With the prospect of the 995-unit residential unit Sage Ranch moving forward this year — in addition to the 55-unit K. Hovanian development already under construction — the question is simple: Are Tehachapi schools ready to take on additional students?
The answer is not so simple.
In theory, fees paid by developers — and passed on to new homebuyers — will cover the cost of developing needed school facilities.
But a 2020 developer fee study for Tehachapi Unified School District showed that the district is already short of classroom space at the elementary and middle school levels. And about 57 students who live on the east side of the city apparently cannot be accommodated on the district’s Tompkins or Golden Hills elementary campuses and are instead bused to Cummings Valley Elementary School, about 10 miles from their homes.
The 55-lot K. Hovnanian Tehachapi Hills development now under construction and the proposed Sage Ranch project are in the Tompkins attendance area. And overall, according to a 2020 study, the district’s enrollment in 2019-20 exceeded its permanent K-8 classroom capacity by about 366 seats.
Tehachapi High School has plenty of space, but new residential development is going to challenge the school district to accommodate students in elementary and middle school.
Superintendent Stacey Larson-Everson said the amount of classroom space necessary to accommodate the students generated by new housing development will vary based on what school they would be attending, the individual student's grade level, and how many families would elect to participate in an independent study or blended learning option.
Last summer the district renovated space at the Tehachapi Education Center, the school facility on Snyder Avenue in the city that is also partly leased to Cerro Coso Community College. The expanded TILA (Tehachapi Independent Learning Academy) program now operates on that campus and has the potential to help relieve the impact of new development for K-8.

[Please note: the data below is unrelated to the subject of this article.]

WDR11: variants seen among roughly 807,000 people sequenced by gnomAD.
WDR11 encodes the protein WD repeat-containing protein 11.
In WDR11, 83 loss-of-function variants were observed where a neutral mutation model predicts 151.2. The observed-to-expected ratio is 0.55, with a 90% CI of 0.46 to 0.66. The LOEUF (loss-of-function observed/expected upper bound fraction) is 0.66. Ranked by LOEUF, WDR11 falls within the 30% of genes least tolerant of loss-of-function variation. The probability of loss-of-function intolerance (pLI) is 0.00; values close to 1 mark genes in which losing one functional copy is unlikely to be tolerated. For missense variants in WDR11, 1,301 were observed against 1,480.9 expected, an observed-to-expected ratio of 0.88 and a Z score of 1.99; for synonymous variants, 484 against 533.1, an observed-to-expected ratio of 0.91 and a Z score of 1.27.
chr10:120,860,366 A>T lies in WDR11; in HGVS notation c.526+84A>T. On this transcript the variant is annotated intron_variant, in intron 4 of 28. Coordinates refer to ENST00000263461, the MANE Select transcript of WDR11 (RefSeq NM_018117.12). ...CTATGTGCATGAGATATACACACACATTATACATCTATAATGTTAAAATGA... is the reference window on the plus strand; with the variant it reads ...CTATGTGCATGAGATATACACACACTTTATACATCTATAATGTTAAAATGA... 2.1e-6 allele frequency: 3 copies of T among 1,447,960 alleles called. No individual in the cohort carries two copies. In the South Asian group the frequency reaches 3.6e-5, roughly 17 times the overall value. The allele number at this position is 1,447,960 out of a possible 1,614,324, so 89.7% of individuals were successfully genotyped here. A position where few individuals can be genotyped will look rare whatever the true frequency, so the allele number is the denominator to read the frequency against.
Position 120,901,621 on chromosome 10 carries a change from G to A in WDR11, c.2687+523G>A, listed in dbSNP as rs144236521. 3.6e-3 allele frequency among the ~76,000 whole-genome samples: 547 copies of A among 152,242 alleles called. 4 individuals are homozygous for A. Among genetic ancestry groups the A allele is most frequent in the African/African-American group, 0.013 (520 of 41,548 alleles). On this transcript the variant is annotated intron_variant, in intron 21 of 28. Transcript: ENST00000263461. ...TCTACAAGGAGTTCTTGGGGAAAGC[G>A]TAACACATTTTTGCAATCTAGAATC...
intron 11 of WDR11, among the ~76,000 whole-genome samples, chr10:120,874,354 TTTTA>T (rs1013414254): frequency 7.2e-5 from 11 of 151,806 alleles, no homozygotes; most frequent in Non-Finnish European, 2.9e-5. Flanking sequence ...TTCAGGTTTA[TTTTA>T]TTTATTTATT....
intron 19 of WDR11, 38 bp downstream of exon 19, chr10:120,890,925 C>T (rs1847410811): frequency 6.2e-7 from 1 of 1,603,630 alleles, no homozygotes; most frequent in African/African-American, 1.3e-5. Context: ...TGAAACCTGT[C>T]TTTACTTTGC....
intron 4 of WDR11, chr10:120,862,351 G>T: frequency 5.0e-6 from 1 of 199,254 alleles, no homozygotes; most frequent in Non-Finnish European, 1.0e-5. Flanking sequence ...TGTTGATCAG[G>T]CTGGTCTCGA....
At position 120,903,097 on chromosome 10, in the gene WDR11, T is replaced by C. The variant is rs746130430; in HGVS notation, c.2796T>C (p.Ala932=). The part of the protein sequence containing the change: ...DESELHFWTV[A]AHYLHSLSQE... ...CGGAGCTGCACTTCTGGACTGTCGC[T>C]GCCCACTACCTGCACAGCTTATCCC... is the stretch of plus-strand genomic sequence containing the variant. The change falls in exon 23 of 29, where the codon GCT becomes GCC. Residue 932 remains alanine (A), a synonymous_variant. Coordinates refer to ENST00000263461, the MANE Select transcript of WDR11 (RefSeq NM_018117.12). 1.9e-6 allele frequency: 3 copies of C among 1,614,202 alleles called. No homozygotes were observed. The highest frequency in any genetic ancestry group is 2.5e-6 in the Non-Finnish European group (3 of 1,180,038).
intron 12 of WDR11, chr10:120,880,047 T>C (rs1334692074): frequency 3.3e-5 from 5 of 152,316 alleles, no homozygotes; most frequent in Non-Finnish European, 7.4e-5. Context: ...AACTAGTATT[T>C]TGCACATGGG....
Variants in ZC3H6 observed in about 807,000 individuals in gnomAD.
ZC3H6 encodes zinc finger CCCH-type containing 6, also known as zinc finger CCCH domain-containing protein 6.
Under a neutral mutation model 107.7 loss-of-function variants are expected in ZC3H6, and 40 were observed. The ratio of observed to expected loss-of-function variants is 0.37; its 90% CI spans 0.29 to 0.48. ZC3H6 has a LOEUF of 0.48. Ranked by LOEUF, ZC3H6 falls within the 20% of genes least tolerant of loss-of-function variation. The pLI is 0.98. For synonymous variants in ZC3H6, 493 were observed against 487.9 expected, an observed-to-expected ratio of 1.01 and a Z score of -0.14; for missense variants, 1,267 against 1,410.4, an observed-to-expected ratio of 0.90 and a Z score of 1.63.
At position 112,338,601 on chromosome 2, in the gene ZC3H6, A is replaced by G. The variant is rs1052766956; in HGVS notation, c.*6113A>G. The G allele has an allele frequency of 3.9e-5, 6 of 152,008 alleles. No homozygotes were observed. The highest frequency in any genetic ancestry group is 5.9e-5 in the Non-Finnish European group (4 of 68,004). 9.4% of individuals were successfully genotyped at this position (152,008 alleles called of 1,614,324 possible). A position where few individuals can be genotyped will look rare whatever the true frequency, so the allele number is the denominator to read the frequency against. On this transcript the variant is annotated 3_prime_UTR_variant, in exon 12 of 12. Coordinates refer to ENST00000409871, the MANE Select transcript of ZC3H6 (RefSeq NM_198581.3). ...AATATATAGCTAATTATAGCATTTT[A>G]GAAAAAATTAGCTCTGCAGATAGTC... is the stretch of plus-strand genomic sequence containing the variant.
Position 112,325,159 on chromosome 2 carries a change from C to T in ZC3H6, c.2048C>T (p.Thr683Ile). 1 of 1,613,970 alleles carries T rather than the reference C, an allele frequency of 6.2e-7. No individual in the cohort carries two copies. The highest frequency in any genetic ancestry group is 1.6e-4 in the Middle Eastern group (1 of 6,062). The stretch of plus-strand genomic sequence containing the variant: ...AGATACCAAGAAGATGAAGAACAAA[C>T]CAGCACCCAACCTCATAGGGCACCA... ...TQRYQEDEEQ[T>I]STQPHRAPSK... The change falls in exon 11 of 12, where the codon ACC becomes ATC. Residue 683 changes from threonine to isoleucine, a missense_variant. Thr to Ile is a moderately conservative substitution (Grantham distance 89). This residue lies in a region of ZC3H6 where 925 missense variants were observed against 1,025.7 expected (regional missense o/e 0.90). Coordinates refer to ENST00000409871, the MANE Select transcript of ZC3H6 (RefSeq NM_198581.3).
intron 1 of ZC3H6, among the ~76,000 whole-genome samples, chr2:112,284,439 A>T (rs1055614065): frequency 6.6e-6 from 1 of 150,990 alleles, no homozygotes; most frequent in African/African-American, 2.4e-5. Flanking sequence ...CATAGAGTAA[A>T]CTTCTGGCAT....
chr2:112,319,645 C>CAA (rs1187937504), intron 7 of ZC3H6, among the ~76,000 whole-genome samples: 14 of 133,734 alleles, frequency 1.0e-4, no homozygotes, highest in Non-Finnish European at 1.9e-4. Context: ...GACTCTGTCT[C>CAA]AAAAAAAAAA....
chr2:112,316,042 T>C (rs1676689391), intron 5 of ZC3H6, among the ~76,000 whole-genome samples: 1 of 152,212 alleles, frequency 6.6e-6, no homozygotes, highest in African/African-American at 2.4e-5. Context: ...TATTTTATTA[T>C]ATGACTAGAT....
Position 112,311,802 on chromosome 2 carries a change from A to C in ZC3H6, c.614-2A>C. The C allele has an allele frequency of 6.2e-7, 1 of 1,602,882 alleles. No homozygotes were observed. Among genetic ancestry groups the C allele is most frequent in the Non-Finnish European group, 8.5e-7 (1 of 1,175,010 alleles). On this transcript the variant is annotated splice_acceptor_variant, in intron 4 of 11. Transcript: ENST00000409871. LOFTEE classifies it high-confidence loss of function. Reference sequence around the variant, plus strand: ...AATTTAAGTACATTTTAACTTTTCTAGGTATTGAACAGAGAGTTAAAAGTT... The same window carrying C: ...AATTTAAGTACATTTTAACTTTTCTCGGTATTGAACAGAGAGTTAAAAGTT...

According to the 2020 study, the district’s capacity was calculated including 10 classrooms at the Wells Education Center that cannot be used without renovation. Earlier this year it appeared the district would be able to use about $5.2 million in state and federal relief funds to help rehabilitate those classrooms. However, at the Dec. 13 meeting of the school board trustees learned that it’s possible those funds cannot be used for that purpose.
For the developer fee study, the district calculated its ability to house students in permanent classrooms because, according to the study, the district has a stated commitment that all students are entitled to a common level of service with respect to facilities.
“The Board’s understanding has always been that portable classroom structures were only intended as ‘interim’ housing until such time as sufficient resources, both local and state, became available to construct permanent classrooms,” the study states.
The study determined that 195 elementary school students, 94 middle school students and 129 high school students were anticipated to be generated from the projected future residential units. Most of the projected new housing in the study is from the proposed Sage Ranch project.
Based upon the district’s current classroom loading factors, it would need to construct seven additional permanent elementary school classrooms and eight permanent middle school classrooms to accommodate new enrollment needs.
Tehachapi High School, however, was determined to have the ability to handle an additional 596 students, leaving plenty of room for the projected addition of 129 students.
The study also estimated school construction costs and determined that the district is fully justified in levying the state maximum residential school fee of $4.08 per square foot for all new residential development in the district. It also justified collection of various rates for new commercial and industrial development.
The district’s Board of Trustees approved those fees in January 2021. Superintendent Stacey Larson-Everson said the district does not intend to revisit the level of the fees anytime soon.